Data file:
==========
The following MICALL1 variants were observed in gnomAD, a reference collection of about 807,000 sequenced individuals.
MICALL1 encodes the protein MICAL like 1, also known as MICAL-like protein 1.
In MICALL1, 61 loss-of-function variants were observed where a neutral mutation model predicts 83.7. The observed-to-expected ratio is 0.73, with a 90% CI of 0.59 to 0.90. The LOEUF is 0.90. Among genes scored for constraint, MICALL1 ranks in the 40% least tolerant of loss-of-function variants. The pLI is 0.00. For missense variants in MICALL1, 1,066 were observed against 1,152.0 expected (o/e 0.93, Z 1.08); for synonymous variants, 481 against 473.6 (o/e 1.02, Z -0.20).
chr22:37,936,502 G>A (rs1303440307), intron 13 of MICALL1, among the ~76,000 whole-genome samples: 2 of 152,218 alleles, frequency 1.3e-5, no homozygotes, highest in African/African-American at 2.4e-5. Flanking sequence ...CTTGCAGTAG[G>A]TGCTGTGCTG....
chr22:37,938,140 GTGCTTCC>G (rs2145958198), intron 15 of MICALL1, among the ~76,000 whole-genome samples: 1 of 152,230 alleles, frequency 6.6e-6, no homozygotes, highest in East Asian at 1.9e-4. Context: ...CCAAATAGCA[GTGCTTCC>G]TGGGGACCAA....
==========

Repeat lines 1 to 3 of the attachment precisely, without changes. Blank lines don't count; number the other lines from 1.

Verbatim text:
The following MICALL1 variants were observed in gnomAD, a reference collection of about 807,000 sequenced individuals.
MICALL1 encodes the protein MICAL like 1, also known as MICAL-like protein 1.
In MICALL1, 61 loss-of-function variants were observed where a neutral mutation model predicts 83.7. The observed-to-expected ratio is 0.73, with a 90% CI of 0.59 to 0.90. The LOEUF is 0.90. Among genes scored for constraint, MICALL1 ranks in the 40% least tolerant of loss-of-function variants. The pLI is 0.00. For missense variants in MICALL1, 1,066 were observed against 1,152.0 expected (o/e 0.93, Z 1.08); for synonymous variants, 481 against 473.6 (o/e 1.02, Z -0.20).